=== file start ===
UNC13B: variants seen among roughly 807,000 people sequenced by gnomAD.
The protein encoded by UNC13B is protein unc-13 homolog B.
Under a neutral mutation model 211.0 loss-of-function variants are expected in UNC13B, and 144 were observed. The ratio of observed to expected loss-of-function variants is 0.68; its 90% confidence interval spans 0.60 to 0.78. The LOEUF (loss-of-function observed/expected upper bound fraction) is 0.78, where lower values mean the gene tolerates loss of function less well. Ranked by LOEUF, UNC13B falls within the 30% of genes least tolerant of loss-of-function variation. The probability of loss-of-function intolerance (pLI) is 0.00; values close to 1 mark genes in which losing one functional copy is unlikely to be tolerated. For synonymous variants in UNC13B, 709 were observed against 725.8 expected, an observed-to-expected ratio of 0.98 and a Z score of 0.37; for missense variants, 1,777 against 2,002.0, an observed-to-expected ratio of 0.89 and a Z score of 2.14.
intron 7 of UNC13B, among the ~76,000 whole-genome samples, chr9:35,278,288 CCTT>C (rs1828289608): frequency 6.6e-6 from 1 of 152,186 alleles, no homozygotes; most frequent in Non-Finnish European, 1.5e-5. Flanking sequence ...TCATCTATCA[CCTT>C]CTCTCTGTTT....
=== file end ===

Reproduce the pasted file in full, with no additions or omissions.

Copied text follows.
UNC13B: variants seen among roughly 807,000 people sequenced by gnomAD.
The protein encoded by UNC13B is protein unc-13 homolog B.
Under a neutral mutation model 211.0 loss-of-function variants are expected in UNC13B, and 144 were observed. The ratio of observed to expected loss-of-function variants is 0.68; its 90% confidence interval spans 0.60 to 0.78. The LOEUF (loss-of-function observed/expected upper bound fraction) is 0.78, where lower values mean the gene tolerates loss of function less well. Ranked by LOEUF, UNC13B falls within the 30% of genes least tolerant of loss-of-function variation. The probability of loss-of-function intolerance (pLI) is 0.00; values close to 1 mark genes in which losing one functional copy is unlikely to be tolerated. For synonymous variants in UNC13B, 709 were observed against 725.8 expected, an observed-to-expected ratio of 0.98 and a Z score of 0.37; for missense variants, 1,777 against 2,002.0, an observed-to-expected ratio of 0.89 and a Z score of 2.14.
intron 7 of UNC13B, among the ~76,000 whole-genome samples, chr9:35,278,288 CCTT>C (rs1828289608): frequency 6.6e-6 from 1 of 152,186 alleles, no homozygotes; most frequent in Non-Finnish European, 1.5e-5. Flanking sequence ...TCATCTATCA[CCTT>C]CTCTCTGTTT....